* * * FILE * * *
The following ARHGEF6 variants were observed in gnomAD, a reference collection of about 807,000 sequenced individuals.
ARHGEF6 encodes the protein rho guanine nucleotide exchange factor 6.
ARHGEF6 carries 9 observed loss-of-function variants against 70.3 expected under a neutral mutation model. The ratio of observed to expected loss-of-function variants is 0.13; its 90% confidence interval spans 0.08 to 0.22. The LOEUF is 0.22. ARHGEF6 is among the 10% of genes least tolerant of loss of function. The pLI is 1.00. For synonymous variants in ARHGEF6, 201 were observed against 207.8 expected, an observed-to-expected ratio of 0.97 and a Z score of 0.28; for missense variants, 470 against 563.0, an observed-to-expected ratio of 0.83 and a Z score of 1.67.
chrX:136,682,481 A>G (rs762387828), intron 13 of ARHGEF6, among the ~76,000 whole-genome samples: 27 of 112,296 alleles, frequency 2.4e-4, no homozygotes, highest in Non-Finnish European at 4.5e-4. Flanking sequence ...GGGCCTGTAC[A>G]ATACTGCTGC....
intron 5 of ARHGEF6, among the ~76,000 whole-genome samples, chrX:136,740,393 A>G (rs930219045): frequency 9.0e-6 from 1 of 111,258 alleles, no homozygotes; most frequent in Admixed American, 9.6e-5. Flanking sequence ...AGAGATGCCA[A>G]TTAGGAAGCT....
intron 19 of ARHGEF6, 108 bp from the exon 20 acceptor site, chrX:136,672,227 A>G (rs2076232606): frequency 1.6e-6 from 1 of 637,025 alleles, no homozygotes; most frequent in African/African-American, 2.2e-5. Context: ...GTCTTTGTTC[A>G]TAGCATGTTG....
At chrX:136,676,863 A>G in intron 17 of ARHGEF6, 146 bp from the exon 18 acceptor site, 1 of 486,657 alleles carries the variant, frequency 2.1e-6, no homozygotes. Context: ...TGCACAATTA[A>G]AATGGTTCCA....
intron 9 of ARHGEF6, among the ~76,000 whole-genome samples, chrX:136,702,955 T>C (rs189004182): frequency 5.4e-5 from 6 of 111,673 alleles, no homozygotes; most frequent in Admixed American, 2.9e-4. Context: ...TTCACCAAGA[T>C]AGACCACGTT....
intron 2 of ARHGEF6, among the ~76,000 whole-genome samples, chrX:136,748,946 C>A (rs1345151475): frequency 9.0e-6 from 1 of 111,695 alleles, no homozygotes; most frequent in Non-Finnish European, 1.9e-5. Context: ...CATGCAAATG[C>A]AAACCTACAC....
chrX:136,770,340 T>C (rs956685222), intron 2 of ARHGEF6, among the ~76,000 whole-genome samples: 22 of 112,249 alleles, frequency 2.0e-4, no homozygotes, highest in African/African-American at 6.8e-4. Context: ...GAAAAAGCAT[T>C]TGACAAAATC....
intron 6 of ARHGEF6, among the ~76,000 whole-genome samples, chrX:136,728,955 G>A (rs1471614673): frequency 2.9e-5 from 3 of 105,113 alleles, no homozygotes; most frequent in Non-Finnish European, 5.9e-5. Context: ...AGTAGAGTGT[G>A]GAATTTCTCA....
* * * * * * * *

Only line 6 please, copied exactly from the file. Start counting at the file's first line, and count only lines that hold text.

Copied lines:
intron 19 of ARHGEF6, 108 bp from the exon 20 acceptor site, chrX:136,672,227 A>G (rs2076232606): frequency 1.6e-6 from 1 of 637,025 alleles, no homozygotes; most frequent in African/African-American, 2.2e-5. Context: ...GTCTTTGTTC[A>G]TAGCATGTTG....